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Simulation of reactive sputtering kinetics in real in-line processing chambers

: Pflug, A.; Szyszka, B.; Niemann, J.


Thin solid films 442 (2003), No.1-2, pp.21-26
ISSN: 0040-6090
Journal Article
Fraunhofer IST ()
process simulation; reaction kinetic; silicon oxide; sputtering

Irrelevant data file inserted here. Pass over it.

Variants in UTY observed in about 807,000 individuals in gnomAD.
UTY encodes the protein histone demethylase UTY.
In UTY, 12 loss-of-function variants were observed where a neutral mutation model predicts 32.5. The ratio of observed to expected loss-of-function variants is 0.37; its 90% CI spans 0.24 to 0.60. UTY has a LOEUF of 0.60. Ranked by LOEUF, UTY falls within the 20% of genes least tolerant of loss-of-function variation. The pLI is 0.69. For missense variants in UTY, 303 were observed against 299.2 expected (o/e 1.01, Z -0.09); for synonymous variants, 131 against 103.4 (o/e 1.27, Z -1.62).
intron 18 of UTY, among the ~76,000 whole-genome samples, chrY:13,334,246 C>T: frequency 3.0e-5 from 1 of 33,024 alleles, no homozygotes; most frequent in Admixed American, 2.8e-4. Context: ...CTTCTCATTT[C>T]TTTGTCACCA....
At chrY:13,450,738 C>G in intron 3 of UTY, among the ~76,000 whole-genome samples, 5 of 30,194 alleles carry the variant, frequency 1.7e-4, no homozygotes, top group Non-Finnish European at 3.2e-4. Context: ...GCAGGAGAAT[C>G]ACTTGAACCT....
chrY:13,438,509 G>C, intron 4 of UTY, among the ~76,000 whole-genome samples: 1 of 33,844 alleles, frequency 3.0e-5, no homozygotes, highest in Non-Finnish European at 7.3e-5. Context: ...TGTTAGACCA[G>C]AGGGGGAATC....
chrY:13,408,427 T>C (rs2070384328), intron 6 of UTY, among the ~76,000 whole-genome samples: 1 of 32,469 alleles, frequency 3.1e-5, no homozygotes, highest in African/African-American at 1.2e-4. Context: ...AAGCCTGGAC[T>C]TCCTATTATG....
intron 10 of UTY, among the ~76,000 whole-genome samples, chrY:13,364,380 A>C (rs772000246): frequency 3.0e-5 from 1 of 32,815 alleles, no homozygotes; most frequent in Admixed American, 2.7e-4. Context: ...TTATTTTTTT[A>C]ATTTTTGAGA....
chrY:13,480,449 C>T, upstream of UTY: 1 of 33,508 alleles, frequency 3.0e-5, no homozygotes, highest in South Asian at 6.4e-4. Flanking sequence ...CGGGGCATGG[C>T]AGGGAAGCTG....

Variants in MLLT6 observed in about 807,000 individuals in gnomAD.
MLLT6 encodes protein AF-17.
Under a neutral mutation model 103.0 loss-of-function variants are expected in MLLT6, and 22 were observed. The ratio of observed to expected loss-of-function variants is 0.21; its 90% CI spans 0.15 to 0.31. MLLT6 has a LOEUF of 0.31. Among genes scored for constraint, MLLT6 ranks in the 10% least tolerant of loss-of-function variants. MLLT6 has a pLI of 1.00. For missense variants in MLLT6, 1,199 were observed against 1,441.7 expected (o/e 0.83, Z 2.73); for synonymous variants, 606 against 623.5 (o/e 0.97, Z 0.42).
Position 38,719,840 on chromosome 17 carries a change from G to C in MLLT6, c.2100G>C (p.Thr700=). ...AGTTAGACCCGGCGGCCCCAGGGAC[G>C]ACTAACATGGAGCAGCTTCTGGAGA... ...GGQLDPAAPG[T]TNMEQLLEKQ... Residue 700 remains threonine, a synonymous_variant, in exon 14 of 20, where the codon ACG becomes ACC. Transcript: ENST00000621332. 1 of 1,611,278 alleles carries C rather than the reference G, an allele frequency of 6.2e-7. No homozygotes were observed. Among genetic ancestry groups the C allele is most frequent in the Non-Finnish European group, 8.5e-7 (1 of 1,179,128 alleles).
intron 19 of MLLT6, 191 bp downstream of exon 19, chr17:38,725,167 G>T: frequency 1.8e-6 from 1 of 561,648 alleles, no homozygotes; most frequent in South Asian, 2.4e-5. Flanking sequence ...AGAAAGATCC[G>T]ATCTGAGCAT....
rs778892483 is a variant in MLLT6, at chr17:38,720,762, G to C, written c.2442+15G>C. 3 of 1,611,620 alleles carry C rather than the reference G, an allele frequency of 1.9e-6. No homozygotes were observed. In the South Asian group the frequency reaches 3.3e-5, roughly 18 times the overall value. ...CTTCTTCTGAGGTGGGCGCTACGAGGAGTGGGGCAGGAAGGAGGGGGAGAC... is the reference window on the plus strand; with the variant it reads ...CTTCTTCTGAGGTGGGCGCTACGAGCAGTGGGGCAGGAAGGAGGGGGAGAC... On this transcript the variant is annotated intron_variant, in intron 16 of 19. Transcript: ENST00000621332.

We present a dynamic, coupled macroscopic model (DOGMA) for the process of reactive sputtering suited for description of real in-line processing. In our model we divide the complex volume of a processing chamber into simple cells, e.g. parallelepipeds. For each cell gettering kinetics of reactive gas at metallized surfaces as well as sputtering kinetics of the target are calculated using a Runge-Kutta time step method. The inert and reactive gas flow is obtained via flow conductances defined for each connection between adjacent cells. For deposition of sputtered particles on chamber and substrate surfaces, a pressure dependent distribution matrix is used, which is obtained from single-particle Monte Carlo calculations. The flow conductances for different pressure conditions are calculated using the well known `Direct Simulation Monte Carlo' method implemented on a Linux cluster, where for each volume cell an individual calculation task can be spawned. Tuned with flow conductances and particle distribution factors from Monte Carlo calculations our coupled model is capable to describe real in-line sputtering processes on a single-processor PC at almost real time speed. All numerical models are implemented within a simulation system RIG-VM developed at Fraunhofer IST, which enables easy communication between separate modules, e.g. during modeling of a controlling cycle and ensures interchangeability and reusability by using XML datasheets and web browser based user interfaces. In this paper we apply our model to reactive sputtering of SiO2 with -probe based oxygen partial pressure stabilization. The model is adapted to experiment via material parameter variation. The resulting simulation system can be applied for optimization of process parameters with respect to process stability and film homogeneity.